W.Mazier, D. Cota et al. inTrends Endocrinol Metab.
Le Phénix renaît de ses cendres: Le retour du système endocannabinoïde comme cible thérapeutique des maladies métaboliques
The Endocannabinoid System: Pivotal Orchestrator of Obesity and Metabolic Disease. Mazier W, Saucisse N, Gatta-Cherifi B, Cota D.
Trends Endocrinol Metab. 2015 Oct;26(10):524-37. doi: 10.1016/j.tem.2015.07.007. Review.
Daniela Cota: The first reports of increased appetite induced by cannabis (also known as marijuana) in humans were documented in 300 AD.
Pharmacological studies carried out in different animal models between the late seventies and the early nineties had further shown that peripheral or central administration of Δ9-tetrahydrocannabinol (THC), the main psychoactive component of marijuana, or other synthetic cannabinoids increased food intake, especially for palatable food.
However, understanding of the biological mechanisms underlying the “munchies” started only after the discovery of specific, G protein coupled cannabinoid receptors, CB1 and CB2, followed by the identification of endogenous lipid-derived ligands, the endocannabinoids, and elucidation of their biosynthesis and degradation pathways.
Studies carried out over the past 20 years clearly demonstrate that the endocannabinoid system (ECS) works as a “chef d’orchestre” strategically positioned to maximize intake and conservation of energy, likely to increase survival in times of scarcity.
However, in modern society where food is plentiful, excessive ECS activity is a landmark feature of obesity and metabolic disease and targeting the ECS might help tackle these pathological conditions. Indeed rimonabant, an anorectic drug and systemic CB1 receptor inverse agonist, was approved as anti-obesity therapy in Europe in 2006, but in late 2008 it was withdrawn due to its psychiatric side effects.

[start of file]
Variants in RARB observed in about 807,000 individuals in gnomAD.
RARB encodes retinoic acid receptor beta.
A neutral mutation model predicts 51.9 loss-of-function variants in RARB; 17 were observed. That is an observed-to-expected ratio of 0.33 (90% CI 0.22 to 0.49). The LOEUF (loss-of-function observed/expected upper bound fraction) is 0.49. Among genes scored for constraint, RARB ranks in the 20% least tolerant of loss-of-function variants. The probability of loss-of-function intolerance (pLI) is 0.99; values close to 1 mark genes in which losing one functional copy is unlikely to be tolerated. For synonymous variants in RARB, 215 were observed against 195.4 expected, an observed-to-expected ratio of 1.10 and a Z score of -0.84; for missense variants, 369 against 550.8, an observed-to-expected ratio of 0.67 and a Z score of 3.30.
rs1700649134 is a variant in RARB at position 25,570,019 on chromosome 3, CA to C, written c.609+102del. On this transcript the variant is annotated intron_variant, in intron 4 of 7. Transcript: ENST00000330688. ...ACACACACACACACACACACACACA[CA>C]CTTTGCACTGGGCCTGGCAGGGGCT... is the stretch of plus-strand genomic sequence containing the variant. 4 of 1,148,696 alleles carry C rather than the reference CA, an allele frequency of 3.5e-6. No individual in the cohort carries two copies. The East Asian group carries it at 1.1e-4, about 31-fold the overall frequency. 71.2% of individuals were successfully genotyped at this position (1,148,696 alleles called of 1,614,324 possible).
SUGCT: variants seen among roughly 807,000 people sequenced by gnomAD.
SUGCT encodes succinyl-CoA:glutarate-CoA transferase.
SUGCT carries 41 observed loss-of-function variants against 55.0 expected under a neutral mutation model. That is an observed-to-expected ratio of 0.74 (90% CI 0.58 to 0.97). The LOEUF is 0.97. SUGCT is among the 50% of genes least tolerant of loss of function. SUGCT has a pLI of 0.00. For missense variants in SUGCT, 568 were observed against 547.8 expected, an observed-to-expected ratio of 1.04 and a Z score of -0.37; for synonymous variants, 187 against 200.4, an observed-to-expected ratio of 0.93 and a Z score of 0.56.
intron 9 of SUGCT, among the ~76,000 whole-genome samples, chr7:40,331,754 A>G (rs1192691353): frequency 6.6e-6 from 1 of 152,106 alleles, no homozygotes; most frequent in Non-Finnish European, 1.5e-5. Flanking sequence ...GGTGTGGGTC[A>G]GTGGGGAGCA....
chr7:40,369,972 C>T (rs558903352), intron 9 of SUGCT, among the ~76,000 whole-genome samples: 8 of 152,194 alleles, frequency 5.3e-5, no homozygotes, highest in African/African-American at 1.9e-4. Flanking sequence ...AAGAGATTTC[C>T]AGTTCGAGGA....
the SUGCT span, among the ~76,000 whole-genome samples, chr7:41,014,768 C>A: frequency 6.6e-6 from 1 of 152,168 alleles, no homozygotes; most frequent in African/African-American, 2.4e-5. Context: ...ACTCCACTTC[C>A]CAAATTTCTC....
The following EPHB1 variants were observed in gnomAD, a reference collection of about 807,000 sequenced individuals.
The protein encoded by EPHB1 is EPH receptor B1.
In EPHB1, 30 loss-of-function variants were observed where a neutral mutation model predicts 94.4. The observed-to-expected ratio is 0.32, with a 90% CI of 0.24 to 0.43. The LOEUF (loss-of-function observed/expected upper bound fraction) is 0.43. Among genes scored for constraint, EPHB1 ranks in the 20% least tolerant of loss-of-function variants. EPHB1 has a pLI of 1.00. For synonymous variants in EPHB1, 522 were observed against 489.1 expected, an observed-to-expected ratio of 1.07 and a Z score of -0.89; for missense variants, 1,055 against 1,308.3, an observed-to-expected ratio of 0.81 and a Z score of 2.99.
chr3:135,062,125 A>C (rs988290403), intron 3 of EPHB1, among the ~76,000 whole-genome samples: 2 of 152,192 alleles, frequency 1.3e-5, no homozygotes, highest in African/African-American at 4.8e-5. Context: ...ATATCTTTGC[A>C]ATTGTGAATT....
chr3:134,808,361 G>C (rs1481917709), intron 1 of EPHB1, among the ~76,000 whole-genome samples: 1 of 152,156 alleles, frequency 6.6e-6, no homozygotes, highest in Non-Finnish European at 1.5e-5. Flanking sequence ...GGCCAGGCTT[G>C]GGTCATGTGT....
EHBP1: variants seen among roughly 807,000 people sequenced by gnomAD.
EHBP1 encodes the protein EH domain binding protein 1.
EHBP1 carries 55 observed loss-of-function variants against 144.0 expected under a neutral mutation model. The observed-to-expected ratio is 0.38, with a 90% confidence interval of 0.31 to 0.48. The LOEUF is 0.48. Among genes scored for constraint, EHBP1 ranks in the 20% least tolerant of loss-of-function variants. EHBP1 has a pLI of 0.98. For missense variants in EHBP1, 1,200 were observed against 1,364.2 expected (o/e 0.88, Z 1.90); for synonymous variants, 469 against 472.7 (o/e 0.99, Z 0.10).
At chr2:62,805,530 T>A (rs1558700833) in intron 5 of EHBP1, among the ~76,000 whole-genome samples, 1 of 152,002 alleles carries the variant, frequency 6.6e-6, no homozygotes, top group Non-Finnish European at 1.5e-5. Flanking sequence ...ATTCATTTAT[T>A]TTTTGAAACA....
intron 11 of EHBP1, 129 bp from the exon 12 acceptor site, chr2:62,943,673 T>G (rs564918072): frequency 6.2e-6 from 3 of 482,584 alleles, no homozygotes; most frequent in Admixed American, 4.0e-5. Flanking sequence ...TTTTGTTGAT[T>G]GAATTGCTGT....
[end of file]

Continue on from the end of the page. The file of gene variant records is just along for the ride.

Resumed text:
This event profoundly affected further drug development efforts by the pharmaceutical industry, causing the termination of all clinical programs involving rimonabant-like CB1 receptor antagonists in development.
Nevertheless, studies published during the past 5 years have not only provided information on new physiological roles played by the ECS in the context of energy balance, but have also identified novel mechanisms of action that have rendered the ECS once more a very attractive target for therapy.
In this article Mazier et al. review these recent advances and discuss evidence that brings the ECS back at the center stage for the treatment of obesity and metabolic disease.
Above…the latest cover of Trends in Endocrinology & Metabolism is dedicated to the article of Mazier et al., where the authors review emerging evidence that suggest new physiological roles of the ECS in energy balance regulation, and point to new mechanisms of action, that again make the ECS as an attractive target for therapy. Cover image was created by Charlie Padgett.
Daniela Cota / Team Leader / firstname.lastname@example.org
Postdoctoral Research Associate
INSERM depuis Mai 2014
Neurocentre Magendie, Bordeaux, France
Group “Pathophysiology of energy balance and Obesity” (Team leader: Dr. Cota)